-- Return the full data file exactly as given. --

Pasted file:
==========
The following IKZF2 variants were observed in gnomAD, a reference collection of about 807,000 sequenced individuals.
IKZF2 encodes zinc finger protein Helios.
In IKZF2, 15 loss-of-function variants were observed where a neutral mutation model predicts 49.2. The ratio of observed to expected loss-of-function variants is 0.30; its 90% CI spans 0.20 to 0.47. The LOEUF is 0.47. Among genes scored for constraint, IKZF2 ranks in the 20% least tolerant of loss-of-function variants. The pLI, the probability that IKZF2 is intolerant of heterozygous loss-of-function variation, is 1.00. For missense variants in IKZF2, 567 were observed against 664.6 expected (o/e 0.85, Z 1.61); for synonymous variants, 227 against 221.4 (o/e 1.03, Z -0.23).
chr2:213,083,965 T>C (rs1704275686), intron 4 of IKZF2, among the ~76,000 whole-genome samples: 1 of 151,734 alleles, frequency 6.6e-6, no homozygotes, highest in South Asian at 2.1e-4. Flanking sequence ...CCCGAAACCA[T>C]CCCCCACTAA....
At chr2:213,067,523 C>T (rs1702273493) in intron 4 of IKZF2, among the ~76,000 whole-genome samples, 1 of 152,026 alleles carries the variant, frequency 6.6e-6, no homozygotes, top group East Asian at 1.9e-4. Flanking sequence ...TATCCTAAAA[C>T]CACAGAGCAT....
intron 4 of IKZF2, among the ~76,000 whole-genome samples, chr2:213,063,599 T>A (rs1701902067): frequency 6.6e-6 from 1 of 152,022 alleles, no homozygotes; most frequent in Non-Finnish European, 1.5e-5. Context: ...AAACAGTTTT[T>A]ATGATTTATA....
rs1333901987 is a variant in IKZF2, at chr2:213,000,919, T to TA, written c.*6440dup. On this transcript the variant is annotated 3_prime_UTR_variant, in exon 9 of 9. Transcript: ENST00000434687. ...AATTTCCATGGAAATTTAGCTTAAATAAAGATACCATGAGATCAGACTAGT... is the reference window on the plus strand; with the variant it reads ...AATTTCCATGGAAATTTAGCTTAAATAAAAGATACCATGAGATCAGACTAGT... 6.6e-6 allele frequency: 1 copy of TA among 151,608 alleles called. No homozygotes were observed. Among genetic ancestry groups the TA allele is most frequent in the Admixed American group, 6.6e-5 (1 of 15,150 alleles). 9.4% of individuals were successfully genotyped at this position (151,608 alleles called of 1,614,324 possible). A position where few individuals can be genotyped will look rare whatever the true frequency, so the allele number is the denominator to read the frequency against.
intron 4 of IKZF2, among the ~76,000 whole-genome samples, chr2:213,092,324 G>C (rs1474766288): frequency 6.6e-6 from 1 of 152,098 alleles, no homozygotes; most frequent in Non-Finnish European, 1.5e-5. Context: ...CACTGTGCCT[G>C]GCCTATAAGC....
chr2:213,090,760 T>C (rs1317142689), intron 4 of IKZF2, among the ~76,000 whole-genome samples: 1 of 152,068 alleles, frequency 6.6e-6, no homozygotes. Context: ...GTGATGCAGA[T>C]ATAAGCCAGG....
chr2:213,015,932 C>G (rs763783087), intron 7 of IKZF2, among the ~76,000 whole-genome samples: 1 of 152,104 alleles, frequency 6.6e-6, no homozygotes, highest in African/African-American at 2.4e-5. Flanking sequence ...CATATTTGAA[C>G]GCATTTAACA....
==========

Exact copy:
The following IKZF2 variants were observed in gnomAD, a reference collection of about 807,000 sequenced individuals.
IKZF2 encodes zinc finger protein Helios.
In IKZF2, 15 loss-of-function variants were observed where a neutral mutation model predicts 49.2. The ratio of observed to expected loss-of-function variants is 0.30; its 90% CI spans 0.20 to 0.47. The LOEUF is 0.47. Among genes scored for constraint, IKZF2 ranks in the 20% least tolerant of loss-of-function variants. The pLI, the probability that IKZF2 is intolerant of heterozygous loss-of-function variation, is 1.00. For missense variants in IKZF2, 567 were observed against 664.6 expected (o/e 0.85, Z 1.61); for synonymous variants, 227 against 221.4 (o/e 1.03, Z -0.23).
chr2:213,083,965 T>C (rs1704275686), intron 4 of IKZF2, among the ~76,000 whole-genome samples: 1 of 151,734 alleles, frequency 6.6e-6, no homozygotes, highest in South Asian at 2.1e-4. Flanking sequence ...CCCGAAACCA[T>C]CCCCCACTAA....
At chr2:213,067,523 C>T (rs1702273493) in intron 4 of IKZF2, among the ~76,000 whole-genome samples, 1 of 152,026 alleles carries the variant, frequency 6.6e-6, no homozygotes, top group East Asian at 1.9e-4. Flanking sequence ...TATCCTAAAA[C>T]CACAGAGCAT....
intron 4 of IKZF2, among the ~76,000 whole-genome samples, chr2:213,063,599 T>A (rs1701902067): frequency 6.6e-6 from 1 of 152,022 alleles, no homozygotes; most frequent in Non-Finnish European, 1.5e-5. Context: ...AAACAGTTTT[T>A]ATGATTTATA....
rs1333901987 is a variant in IKZF2, at chr2:213,000,919, T to TA, written c.*6440dup. On this transcript the variant is annotated 3_prime_UTR_variant, in exon 9 of 9. Transcript: ENST00000434687. ...AATTTCCATGGAAATTTAGCTTAAATAAAGATACCATGAGATCAGACTAGT... is the reference window on the plus strand; with the variant it reads ...AATTTCCATGGAAATTTAGCTTAAATAAAAGATACCATGAGATCAGACTAGT... 6.6e-6 allele frequency: 1 copy of TA among 151,608 alleles called. No homozygotes were observed. Among genetic ancestry groups the TA allele is most frequent in the Admixed American group, 6.6e-5 (1 of 15,150 alleles). 9.4% of individuals were successfully genotyped at this position (151,608 alleles called of 1,614,324 possible). A position where few individuals can be genotyped will look rare whatever the true frequency, so the allele number is the denominator to read the frequency against.
intron 4 of IKZF2, among the ~76,000 whole-genome samples, chr2:213,092,324 G>C (rs1474766288): frequency 6.6e-6 from 1 of 152,098 alleles, no homozygotes; most frequent in Non-Finnish European, 1.5e-5. Context: ...CACTGTGCCT[G>C]GCCTATAAGC....
chr2:213,090,760 T>C (rs1317142689), intron 4 of IKZF2, among the ~76,000 whole-genome samples: 1 of 152,068 alleles, frequency 6.6e-6, no homozygotes. Context: ...GTGATGCAGA[T>C]ATAAGCCAGG....
chr2:213,015,932 C>G (rs763783087), intron 7 of IKZF2, among the ~76,000 whole-genome samples: 1 of 152,104 alleles, frequency 6.6e-6, no homozygotes, highest in African/African-American at 2.4e-5. Flanking sequence ...CATATTTGAA[C>G]GCATTTAACA....